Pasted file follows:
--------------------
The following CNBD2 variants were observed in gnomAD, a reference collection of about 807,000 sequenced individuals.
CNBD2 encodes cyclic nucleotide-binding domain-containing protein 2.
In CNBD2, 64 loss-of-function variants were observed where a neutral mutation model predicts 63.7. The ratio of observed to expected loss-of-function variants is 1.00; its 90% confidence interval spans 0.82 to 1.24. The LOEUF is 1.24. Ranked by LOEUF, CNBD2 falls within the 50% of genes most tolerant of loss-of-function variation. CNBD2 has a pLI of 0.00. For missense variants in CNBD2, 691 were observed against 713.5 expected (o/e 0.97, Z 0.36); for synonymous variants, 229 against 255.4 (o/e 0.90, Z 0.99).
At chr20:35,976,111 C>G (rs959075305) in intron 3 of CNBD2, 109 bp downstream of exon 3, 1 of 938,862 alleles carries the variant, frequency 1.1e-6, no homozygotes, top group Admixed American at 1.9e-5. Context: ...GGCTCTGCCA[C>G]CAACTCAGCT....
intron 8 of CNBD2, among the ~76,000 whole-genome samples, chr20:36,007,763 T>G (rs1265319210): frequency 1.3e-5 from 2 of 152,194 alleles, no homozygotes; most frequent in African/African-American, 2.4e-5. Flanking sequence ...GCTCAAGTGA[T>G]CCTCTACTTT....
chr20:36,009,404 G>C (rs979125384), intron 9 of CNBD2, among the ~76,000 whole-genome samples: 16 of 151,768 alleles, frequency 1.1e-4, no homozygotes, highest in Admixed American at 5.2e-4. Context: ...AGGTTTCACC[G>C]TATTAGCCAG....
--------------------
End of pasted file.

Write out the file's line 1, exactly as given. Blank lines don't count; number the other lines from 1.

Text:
The following CNBD2 variants were observed in gnomAD, a reference collection of about 807,000 sequenced individuals.